Yet another variation is played by placing all game tiles 32 face down rather than placing them into a container 38. When the tiles 32 are placed face down, the face 34 which is marked with the alphanumeric character 24 will be hidden. Thus, there will be nine different colors of tiles 32 displayed, corresponding to the nine colors of the horizontal rows 18 of board 10 and the nine corresponding colors of the blocks 14. In this version, a player has some additional control over the outcome of the game since he or she may choose a tile 32 having a given color. A player will have a greater chance of success on any given play by choosing a tile 32 having a color corresponding to the color of a row 18 which contains more of the blocks 14 than other rows 18 of the board 10, as the game progresses. The winner is determined as described above. This version may be played according to the rules described above for either the standard version of the game, or according to the "capture" version.
Still other versions may be played in which the first player to collect all of the blocks 14 from any horizontal row 18, thus all of the blocks 14 of one color, is the winner. Alternatively, the goal of the game may be to collect one block 14 of each color, the first player to collect nine blocks 14 comprising all of the colors used in the game being the winner. Once again, either the standard or "capture" rules may be used. If the object is to collect blocks 14 having each of the colors of the game, the rules may be further restricted to require that the blocks 14 containing the various colors be from a single vertical column 16.
In each of the above variations, particularly those involving the capture or taking of blocks 14 already removed by other players, the game may progress for a greater period of time than desirable. This may be particularly true in a classroom or other formal group situation where time is limited. If such is the case, a time limit may be placed on the play of the game with the player having the highest stack of blocks 14 at the end of the allotted time period being declared the winner.
While the basic game described above may not provide continued interest for more mature players, many of the variations described serve to make the game more interesting to those more mature players. To further increase the difficulty, the blocks 14 may be initially installed in random directions within the spaces 12 of board 10 prior to beginning the game, i. e., with the tops of the alphanumeric characters 24 facing toward the top, bottom or either side of the board. Such a placement of the blocks 14 within the spaces 12 of the board 10 will serve to increase the difficulty of reading the alphanumeric characters 24 on the upper faces 22 of each block 14. Alternatively, more advanced players may be positioned near the top of the board in order that they will be required to read the alphanumeric characters 24 of the blocks 14 upside down when those blocks 14 are each placed upright within spaces 12 of board 10 prior to beginning the game. Thus, a game is provided which in some versions allows even pre-literate or illiterate individuals to play with as great a chance of winning as literate players, and which encourages and helps to develop the learning of the English alphabet and basic numbering system during the course of play of the game. At the same time, additional challenges may be added to hold the interest of more advanced players.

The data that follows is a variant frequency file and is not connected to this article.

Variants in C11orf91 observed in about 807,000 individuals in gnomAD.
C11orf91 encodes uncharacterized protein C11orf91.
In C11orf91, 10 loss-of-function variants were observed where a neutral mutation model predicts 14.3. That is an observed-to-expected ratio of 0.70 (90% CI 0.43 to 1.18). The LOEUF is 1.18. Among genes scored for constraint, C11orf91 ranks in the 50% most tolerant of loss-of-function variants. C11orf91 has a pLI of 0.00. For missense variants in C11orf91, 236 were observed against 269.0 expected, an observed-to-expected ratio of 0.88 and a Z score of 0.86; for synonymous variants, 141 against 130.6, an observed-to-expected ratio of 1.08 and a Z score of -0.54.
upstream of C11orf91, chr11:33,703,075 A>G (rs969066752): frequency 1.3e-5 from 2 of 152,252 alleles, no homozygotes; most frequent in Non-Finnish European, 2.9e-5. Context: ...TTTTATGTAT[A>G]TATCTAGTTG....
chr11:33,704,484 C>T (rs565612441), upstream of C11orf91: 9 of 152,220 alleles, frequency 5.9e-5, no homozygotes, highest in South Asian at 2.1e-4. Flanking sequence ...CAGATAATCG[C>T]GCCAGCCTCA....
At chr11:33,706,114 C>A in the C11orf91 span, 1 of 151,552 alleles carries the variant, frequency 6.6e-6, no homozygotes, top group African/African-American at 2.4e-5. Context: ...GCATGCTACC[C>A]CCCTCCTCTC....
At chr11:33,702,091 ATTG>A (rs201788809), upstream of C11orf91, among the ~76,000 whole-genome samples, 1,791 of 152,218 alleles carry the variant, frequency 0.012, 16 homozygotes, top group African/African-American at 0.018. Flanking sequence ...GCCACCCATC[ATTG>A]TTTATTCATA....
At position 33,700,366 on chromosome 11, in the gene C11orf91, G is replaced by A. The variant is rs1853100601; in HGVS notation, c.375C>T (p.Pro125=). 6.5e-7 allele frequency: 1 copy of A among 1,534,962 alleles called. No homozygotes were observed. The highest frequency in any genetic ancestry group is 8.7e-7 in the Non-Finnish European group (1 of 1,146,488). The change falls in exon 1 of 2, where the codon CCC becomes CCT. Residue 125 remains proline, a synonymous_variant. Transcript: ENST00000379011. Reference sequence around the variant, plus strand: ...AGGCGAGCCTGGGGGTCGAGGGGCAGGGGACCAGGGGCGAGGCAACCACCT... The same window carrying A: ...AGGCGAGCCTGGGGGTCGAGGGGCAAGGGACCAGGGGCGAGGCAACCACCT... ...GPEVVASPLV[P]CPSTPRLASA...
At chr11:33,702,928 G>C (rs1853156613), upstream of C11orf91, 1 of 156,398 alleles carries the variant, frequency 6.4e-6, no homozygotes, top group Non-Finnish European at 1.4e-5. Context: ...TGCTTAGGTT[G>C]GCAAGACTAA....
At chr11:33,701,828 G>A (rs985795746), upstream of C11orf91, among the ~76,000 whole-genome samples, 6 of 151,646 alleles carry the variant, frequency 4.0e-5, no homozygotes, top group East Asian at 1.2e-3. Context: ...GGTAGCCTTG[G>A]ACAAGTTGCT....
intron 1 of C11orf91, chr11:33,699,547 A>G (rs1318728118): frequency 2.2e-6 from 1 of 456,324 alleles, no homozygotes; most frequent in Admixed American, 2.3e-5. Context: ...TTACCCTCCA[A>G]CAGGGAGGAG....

It is to be understood that the present invention is not limited to the sole embodiment described above, but encompasses any and all embodiments within the scope of the following claims.
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|International Classification||A63F3/04, A63F9/00, A63F11/00, A63F3/02|
|Cooperative Classification||A63F2011/0004, A63F3/0423, A63F3/00574|
|Mar 30, 1995||FPAY||Fee payment|
Year of fee payment: 4
|May 4, 1999||REMI||Maintenance fee reminder mailed|
|Oct 10, 1999||LAPS||Lapse for failure to pay maintenance fees|
|Dec 21, 1999||FP||Expired due to failure to pay maintenance fee|
Effective date: 19991008